used and packaged as Native music. After 1900, researchers like Densmore and others
began to situate this music in relation to Native social life and cultural practices, nodding
to the shift that Rice (2014) and other ethnomusicologists have cited, from music as
culture to music in culture. This did not necessarily mean that cross-pollination of source
material did not occur; in fact, those collecting raw data in the field made no conscious
effort to tie these musical structures to specific tribes or regions, rather, they simply
aimed to understand a deeper connection between Indian musical practices and Indian
cultural life (Browner, p.266).
This increased fascination with Indianness and Indianist music among Americans
pervaded throughout popular culture, including Tin Pan Alley, vaudeville, and
chautauqua circuits (see Troutman, 2009; Lush, 2013; Gentile, 1989; Canning, 2005), and
served to exacerbate the ingrained indices of savagery and primitivism among Native
Americans. This fascination with the Other and its commercialization efforts eventually
circled back, however, to Baudrillard’s (2001) disassociation by accessible mass
consumption, noting, “…people who had the least amount of power in the country but
who nevertheless seemed to pose the greatest threat to the maintenance of the social order
were increasingly encoded and contained in the art, minstrel, vaudeville, and Tin Pan
Alley compositions that founded the modern epoch of American society” (p.255).
Understanding minority performance practices as represented not representational (see
Lefebvre, 1974) might aid in further understanding of the misleading label of authenticity
from multiple viewpoints, Native and non-Native alike, while allowing for the authority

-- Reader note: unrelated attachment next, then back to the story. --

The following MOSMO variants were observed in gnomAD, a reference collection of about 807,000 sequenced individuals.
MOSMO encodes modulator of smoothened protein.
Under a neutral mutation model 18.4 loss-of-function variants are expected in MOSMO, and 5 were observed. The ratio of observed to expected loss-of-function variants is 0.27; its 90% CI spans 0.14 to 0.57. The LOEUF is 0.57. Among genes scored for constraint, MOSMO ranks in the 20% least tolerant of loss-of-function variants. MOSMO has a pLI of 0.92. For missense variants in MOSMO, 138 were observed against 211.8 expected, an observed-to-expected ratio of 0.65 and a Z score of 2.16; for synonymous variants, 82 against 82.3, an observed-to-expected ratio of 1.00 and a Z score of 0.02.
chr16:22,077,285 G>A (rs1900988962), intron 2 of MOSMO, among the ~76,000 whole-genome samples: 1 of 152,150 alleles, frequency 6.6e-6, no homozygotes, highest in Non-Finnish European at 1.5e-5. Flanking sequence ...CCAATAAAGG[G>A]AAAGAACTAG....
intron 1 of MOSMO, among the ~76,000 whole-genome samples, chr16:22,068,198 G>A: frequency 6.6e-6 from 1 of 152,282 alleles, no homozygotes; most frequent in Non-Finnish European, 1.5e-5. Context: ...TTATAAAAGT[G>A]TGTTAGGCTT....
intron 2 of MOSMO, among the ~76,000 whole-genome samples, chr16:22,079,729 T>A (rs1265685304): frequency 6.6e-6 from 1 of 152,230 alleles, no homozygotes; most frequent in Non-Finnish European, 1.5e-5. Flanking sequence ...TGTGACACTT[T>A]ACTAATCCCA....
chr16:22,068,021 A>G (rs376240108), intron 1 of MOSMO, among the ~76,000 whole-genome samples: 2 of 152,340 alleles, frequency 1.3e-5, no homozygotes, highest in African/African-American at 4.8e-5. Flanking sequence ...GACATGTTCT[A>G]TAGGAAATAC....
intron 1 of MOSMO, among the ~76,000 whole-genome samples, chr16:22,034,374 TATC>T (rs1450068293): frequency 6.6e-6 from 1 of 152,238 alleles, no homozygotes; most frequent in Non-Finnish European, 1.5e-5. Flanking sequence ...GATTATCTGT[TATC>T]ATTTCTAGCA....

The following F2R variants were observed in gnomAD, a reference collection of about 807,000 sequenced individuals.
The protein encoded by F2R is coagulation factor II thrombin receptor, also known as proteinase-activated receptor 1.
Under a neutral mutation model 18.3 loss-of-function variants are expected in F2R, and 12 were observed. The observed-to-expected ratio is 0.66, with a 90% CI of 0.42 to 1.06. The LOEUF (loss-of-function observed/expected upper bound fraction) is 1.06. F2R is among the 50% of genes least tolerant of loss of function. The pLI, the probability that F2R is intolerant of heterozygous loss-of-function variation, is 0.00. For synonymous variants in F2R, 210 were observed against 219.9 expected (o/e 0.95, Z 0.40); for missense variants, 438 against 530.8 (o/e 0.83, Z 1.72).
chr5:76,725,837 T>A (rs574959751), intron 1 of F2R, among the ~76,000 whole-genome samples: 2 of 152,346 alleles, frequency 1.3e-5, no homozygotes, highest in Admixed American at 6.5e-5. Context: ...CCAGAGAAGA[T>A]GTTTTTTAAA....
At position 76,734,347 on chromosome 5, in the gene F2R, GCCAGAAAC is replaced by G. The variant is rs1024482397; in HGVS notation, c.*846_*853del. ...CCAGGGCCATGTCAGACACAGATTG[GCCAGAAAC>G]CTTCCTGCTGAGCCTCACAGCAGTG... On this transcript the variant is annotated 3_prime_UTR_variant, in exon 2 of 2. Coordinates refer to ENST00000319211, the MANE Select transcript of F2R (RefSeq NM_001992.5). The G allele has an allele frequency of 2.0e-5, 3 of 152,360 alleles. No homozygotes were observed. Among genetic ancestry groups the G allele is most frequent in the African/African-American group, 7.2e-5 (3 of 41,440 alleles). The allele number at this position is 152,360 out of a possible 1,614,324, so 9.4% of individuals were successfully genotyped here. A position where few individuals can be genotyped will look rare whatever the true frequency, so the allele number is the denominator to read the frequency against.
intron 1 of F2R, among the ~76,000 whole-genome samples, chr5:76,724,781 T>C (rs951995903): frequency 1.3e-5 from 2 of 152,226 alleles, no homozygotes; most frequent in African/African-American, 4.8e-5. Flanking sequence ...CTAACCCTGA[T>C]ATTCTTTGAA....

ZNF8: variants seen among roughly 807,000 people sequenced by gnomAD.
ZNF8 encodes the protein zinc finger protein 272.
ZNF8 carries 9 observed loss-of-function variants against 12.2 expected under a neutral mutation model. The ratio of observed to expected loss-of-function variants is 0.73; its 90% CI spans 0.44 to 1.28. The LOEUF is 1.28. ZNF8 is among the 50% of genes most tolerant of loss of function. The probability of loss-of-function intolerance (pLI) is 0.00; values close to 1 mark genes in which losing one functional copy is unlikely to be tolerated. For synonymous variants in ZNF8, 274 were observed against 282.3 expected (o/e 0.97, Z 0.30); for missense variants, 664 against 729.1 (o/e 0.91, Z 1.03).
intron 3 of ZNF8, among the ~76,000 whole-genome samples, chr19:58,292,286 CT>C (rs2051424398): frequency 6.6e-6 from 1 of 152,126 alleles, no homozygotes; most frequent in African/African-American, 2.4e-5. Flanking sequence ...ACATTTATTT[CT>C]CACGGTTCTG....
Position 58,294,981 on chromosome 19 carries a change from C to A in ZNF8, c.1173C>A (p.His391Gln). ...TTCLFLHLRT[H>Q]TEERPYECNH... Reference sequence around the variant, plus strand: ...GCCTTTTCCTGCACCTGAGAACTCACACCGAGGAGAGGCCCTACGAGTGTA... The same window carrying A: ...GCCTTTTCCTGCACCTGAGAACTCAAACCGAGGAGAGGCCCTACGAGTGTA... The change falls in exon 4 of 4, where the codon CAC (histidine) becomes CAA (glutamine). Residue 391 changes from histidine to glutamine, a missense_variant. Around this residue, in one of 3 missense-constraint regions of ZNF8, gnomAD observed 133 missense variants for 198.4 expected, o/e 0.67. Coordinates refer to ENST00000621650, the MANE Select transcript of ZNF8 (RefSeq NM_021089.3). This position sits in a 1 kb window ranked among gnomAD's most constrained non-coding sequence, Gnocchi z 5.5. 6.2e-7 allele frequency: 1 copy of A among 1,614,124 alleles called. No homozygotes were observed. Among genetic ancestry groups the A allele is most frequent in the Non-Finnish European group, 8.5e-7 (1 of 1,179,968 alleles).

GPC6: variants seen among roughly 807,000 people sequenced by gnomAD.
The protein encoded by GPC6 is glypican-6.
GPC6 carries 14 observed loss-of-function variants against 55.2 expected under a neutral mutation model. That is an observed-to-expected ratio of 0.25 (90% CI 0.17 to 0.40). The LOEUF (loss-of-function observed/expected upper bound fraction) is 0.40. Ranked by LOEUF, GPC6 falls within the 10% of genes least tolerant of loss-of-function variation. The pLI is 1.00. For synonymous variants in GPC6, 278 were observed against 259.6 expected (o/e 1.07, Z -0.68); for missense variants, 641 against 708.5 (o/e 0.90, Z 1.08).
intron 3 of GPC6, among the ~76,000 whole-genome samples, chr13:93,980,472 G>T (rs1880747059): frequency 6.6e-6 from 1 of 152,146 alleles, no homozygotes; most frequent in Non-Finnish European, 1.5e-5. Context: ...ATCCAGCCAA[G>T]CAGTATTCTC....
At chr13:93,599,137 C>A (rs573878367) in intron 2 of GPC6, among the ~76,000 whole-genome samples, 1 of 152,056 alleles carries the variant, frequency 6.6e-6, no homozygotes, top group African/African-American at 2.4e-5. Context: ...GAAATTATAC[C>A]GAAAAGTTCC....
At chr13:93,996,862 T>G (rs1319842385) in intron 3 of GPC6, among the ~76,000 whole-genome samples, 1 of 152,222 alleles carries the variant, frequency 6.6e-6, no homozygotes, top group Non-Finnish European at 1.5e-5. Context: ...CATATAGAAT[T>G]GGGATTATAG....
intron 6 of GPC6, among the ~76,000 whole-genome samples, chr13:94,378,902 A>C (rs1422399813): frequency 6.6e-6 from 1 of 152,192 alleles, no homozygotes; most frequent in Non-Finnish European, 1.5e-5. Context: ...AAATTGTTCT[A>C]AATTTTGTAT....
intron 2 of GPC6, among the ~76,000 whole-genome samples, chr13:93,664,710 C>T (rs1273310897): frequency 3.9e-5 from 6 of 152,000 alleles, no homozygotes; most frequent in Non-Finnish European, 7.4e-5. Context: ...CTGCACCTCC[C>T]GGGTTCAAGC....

of those practices to lie within those participating and creating, not simply appropriating,
disseminating, and consuming them.
iven the legacy that chautauqua left for Americans and its access to new
experiences through self-education and betterment, we are now faced with
a similar charge in a modernized, technological landscape concerning the
arts and arts programing to educate and inspire youth, adults, families, and marginalized
groups. That is, if chautauqua utilized public space for communal artistic experiences,
how are we to understand the emergent spatial dimensions today and the role they play
when assigning labels of authenticity and identity? What is to be learned from the use
(and misuse) of such terms as ‘authentic’ and ‘culture’ over one hundred years ago and
how are these labels problematic even today?
As I have outlined above, the concept of authenticity in chautauqua was a bit of a doubleedged sword. From the standpoint of bureaus and management companies, authenticity
was a word used ubiquitously through the marketing and publicity materials of the
various circuits as well as the local newspapers that oftentimes critiqued performances.
Use of this term was not exclusive to minority or exotic groups, for it was also used in a
similar way to promote and sell tickets for European brass bands as well as notable white
performers, but the exotic, minority acts relied heavily on the use of selling their
‘realness’ or ‘authentic’ performances to ordinary citizens through these terms.
By the same token, the use of authenticity by minority groups themselves was present,
primarily using the term to validate their own cultural identity and musical aptitude on
chautauqua programs as did the Indian String Quartet. In a similar fashion, the Jubilee
Singers born out of Fisk University (see Ward, 2000), credited with popularizing African
American spirituals to the Western world, initially received lukewarm reception on early
chautauqua tours when their set lists were comprised of classical music. Not until they
began to include spirituals and field songs at the ends of their concerts did audience
support begin to flourish, eventually leading groups to perform what managers labeled
‘authentic’ Negro melodies exclusively on future engagements (see Lush, 2013).
Chautauqua primarily utilized absolute space through presentational performance
practices with markers of Western influence. In this way, absolute space was nonnegotiable and held by those in power, the bureaus. The exceptions to this were the Black
Chautauquas. These appeared in black communities in the East and Midwest and were
financially and artistically driven by blacks for black audiences. Although there was no
evidence to suggest the performance styles differed than their larger counterpart, it does